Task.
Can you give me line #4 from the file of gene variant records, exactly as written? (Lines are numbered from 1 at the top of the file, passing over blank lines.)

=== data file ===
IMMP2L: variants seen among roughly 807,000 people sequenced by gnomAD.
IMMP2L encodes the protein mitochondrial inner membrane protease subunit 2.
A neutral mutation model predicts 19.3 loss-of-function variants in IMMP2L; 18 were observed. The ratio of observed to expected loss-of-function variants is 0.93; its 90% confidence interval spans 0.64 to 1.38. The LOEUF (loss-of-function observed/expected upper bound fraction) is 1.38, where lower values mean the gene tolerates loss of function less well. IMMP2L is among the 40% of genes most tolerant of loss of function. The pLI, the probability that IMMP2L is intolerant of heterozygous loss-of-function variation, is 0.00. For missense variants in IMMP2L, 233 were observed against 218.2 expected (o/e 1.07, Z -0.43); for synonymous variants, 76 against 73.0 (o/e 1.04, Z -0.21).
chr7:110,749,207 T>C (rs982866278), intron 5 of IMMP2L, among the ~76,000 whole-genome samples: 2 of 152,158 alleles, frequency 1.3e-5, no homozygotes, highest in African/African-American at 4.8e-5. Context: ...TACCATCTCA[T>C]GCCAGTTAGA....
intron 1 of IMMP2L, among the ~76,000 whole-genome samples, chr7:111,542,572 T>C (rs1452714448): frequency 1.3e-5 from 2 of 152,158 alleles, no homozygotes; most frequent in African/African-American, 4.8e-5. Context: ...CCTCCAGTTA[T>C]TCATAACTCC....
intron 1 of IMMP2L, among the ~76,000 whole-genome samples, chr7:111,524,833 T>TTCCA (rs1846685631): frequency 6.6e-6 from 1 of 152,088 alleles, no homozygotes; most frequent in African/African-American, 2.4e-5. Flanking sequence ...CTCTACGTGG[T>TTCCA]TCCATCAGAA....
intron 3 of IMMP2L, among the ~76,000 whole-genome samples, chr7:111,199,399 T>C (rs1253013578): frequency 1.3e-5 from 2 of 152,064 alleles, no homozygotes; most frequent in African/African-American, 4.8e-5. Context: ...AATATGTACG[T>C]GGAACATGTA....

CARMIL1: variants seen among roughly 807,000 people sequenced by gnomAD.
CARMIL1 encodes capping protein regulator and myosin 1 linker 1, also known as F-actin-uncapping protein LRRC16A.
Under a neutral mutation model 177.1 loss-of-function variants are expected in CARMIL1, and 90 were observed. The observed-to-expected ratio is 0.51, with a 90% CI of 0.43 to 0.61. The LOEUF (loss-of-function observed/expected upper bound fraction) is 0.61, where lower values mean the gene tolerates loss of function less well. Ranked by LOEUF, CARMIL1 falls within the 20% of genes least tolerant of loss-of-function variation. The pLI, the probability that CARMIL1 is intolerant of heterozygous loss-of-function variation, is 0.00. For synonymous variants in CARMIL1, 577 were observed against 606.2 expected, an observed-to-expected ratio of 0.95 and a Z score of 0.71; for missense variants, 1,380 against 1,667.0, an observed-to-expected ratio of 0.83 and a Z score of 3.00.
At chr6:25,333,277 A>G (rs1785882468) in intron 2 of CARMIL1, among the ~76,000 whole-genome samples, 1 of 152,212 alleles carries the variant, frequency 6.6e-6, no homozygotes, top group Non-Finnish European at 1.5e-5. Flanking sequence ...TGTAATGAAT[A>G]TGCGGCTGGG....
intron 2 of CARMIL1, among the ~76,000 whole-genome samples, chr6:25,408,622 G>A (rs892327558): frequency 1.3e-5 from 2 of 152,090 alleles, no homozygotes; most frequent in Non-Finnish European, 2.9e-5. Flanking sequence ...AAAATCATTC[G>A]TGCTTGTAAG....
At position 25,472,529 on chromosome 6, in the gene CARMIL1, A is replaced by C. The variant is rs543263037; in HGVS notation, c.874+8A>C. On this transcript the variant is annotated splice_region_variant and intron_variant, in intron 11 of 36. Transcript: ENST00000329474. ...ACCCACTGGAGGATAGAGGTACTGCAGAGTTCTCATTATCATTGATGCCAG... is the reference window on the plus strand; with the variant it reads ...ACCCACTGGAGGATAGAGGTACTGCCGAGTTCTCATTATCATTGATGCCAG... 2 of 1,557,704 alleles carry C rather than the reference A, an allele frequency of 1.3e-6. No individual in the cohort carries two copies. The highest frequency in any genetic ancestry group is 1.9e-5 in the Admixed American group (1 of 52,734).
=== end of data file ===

chr7:110,749,207 T>C (rs982866278), intron 5 of IMMP2L, among the ~76,000 whole-genome samples: 2 of 152,158 alleles, frequency 1.3e-5, no homozygotes, highest in African/African-American at 4.8e-5. Context: ...TACCATCTCA[T>C]GCCAGTTAGA....